Login Dark

The Employee Benefit Choices You Make Now Will Drastically Affect Your Retirement Readiness: 4 Things You Must Know - GOBankingRates

Author: GOBankingRates

Source: https://www.gobankingrates.com/money/jobs/employee-benefit-drastically-affect-your-retirement-readiness-things-you-must-know/

Image of The Employee Benefit Choices You Make Now Will Drastically Affect Your Retirement Readiness: 4 Things You Must Know - GOBankingRates

Anchiy / Getty ImagesWith open enrollment beginning soon, it’s important to understand your options and the best ways to use the tools available to you to prepare for retirement.Even if you’re still decades away, the decisions you make now can impact your retirement readiness when the time comes.Here are a few things you should consider when making employee benefits choices to ensure you’ll be retirement-ready.Beware of ‘Longevity Risk’Longevity risk — or the risk that you can outlive your savings — is a major financial threat to retirees.Recent research from the TIAA Institute shows that only about a third (35%) of Americans know the average lifespan of retirees, which means that many could be underprepared to fund these years.“Taking the initiative to start saving for retirement as soon as you’re employed is one of the best hedges against longevity risk,” said Yanelys Benham, wealth management advisor at TIAA.“Too often people wait, and it means they need to either catch up later or simply run out.”Benham offered the following example to illustrate the importance of starting to save early.“Let’s say you have two women who both turned 65 last year.The first one started saving for retirement when she was 25. At that point, she set aside $100 a month — just $25 a week.“The other woman decided to wait 10 more years to start saving for retirement.At that point, she was 35.She waited an extra 10 years, but when she started saving, she set aside twice as much money as the first woman — $200 a month.“If they both put their money into the S&P 500, then about 40 years later, the woman who started investing when she was 25 would have more than $400,000 because her money had more time to grow.But the woman who waited an extra 10 years?Even though she invested twice as much money once she started saving, her delay means she would have barely $300,000 — a difference of about 25%.”This is due to compound interest.“Time is an investor’s greatest asset,” Benham said.Don’t Overpay and UndersaveIf you overpay for health insurance, this means you may end up under-funding your retirement savings plan or health savings account. According to a separate TIAA Institute report, employees who overpay substantially for health insurance are 23% more likely to forgo matching contributions.“It’s important that everyone evaluates what their health expense needs are for the year, take advantage of the calculators and/or programs to give you guidance on what health plan you should be on, and determine what plan would be the most cost-effective over time based on their needs,” Benham said.“It’s often difficult to plan what life events may arise that could cause a hefty medical bill, but if over the course of the year you visit the doctor only for your annual check-up, the extra premiums you paid to minimize the cost of a potential hospital visit could have instead been contributed to a health savings account or your retirement account.”Minimize Your Tax Burden Both While You’re Working and After You RetireThe best way to minimize your tax burden is to save through your employer-sponsored retirement savings plan, such as a 401(k) or 403(b), Benham said.“For 2023, individuals can contribute $22,500 on a pre-taxed basis, saving them money in taxes today,” she said.“Individuals who are 50 and older can contribute an additional $7,500 per year in employer-sponsored plans.This would be the first place to consider, as many employers offer a matching incentive to contribute to the plan, which you should always take advantage of.”You may also want to make Roth contributions.“Many plans have implemented the ability to make Roth contributions to their retirement plan regardless of what their income is, which would receive funds on an after-tax basis and have all the growth tax-free in retirement,” Benham said.Plan for the Cost of Healthcare in RetirementTo determine how much you need to ensure a comfortable retirement, you must consider your expected healthcare expenditures and start saving for them now.You can do this via a retirement medical savings account or health savings account.A retirement medical savings account allows you to contribute to the plan on an after-tax basis and allows your investments to grow tax-free if it’s used for healthcare expenses after you turn 65. “In this plan, you could have the funds invested, allowing it to grow over time to cover medical expenses,” Benham said.A health savings account (HSA) is a plan where you contribute on a pre-tax basis for healthcare expenses either now or in retirement; it’s a plan that can carry forward to the future years.“Your employer may incentivize you by putting in contributions on your behalf,” Benham said.“Many employers offer a matching incentive to contribute to the plan, wherein a portion of what you put in, up to a certain percentage or dollar amount, is added to the plan from your employer.As a result, not reviewing your benefits and taking time to understand them could mean you’re leaving money on the table that your employer was willing to give to you.”More From GOBankingRates10 Best Canadian Cities To Retire on a Budget of $2,500 a MonthWhich Bank Gives 6% Interest on Savings Accounts?3 Things You Must Do When Your Savings Reach $50,000This Mistake Can Tank Your Credit Score 100 Points Overnight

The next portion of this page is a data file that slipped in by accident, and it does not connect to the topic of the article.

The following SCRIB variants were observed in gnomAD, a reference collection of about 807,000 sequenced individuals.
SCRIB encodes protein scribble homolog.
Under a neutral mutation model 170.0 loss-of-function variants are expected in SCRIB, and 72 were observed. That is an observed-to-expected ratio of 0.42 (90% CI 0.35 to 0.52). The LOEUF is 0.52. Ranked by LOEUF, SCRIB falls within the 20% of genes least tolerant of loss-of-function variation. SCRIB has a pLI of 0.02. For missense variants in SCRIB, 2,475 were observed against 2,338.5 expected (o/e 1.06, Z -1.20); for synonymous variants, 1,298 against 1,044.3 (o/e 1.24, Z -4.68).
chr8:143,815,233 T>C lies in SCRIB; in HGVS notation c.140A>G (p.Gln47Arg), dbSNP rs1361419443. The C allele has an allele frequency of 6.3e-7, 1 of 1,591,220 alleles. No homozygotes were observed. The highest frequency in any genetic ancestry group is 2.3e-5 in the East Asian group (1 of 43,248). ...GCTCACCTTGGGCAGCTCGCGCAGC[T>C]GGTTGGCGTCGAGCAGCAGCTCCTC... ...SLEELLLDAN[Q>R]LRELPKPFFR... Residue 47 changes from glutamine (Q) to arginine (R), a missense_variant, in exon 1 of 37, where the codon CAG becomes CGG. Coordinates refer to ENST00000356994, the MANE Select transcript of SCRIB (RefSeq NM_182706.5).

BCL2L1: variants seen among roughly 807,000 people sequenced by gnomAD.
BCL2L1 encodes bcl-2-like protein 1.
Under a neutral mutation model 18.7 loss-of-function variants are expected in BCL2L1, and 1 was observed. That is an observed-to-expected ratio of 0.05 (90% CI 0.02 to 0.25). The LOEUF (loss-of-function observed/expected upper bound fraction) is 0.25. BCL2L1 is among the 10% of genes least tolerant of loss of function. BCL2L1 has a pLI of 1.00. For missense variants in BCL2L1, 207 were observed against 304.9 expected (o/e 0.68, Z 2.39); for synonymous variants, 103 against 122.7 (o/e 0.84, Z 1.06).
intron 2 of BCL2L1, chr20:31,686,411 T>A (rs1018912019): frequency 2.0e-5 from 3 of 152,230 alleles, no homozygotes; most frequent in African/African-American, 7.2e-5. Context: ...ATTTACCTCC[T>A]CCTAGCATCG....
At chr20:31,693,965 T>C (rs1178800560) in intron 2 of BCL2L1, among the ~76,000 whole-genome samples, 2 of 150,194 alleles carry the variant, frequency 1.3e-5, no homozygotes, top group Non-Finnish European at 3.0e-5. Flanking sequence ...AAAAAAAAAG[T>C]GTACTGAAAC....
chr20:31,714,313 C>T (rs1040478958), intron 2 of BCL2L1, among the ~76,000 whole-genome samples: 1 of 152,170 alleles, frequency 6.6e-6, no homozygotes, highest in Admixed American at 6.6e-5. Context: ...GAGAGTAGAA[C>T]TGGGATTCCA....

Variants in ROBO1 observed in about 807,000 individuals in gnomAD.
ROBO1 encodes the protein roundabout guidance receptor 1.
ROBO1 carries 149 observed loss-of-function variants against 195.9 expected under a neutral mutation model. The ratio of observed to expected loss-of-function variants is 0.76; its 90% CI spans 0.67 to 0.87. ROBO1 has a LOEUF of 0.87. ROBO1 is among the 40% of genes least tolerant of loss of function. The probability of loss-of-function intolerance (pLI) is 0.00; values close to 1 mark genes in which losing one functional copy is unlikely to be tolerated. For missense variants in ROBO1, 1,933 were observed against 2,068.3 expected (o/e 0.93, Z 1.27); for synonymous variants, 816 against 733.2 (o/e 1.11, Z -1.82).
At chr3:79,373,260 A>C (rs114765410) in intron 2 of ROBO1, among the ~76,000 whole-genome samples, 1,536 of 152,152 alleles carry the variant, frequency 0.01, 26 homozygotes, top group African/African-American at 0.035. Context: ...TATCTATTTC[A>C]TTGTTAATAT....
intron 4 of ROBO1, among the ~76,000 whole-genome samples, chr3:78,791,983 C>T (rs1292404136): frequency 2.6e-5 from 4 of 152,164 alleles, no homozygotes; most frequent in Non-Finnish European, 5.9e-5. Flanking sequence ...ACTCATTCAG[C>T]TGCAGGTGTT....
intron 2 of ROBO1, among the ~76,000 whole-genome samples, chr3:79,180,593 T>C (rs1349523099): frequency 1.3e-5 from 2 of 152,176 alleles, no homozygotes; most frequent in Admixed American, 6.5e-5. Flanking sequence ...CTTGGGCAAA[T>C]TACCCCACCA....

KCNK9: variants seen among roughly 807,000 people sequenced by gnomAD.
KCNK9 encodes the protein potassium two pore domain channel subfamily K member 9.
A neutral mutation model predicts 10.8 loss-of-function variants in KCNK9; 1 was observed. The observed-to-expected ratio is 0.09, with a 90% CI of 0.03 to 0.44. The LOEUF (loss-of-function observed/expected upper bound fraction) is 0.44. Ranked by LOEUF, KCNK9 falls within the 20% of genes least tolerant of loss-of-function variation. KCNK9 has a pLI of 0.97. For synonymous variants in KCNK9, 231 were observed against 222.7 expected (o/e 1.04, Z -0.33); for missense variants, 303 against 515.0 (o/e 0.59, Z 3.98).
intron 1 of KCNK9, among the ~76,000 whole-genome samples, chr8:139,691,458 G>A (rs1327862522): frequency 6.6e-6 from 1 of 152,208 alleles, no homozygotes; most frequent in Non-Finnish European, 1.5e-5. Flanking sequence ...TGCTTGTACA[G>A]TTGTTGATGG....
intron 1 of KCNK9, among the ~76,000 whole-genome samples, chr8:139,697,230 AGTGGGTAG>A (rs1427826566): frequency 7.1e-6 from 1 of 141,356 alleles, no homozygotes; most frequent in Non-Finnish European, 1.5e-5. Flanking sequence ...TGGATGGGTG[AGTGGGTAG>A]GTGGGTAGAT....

Subscribe To Our NewsLetter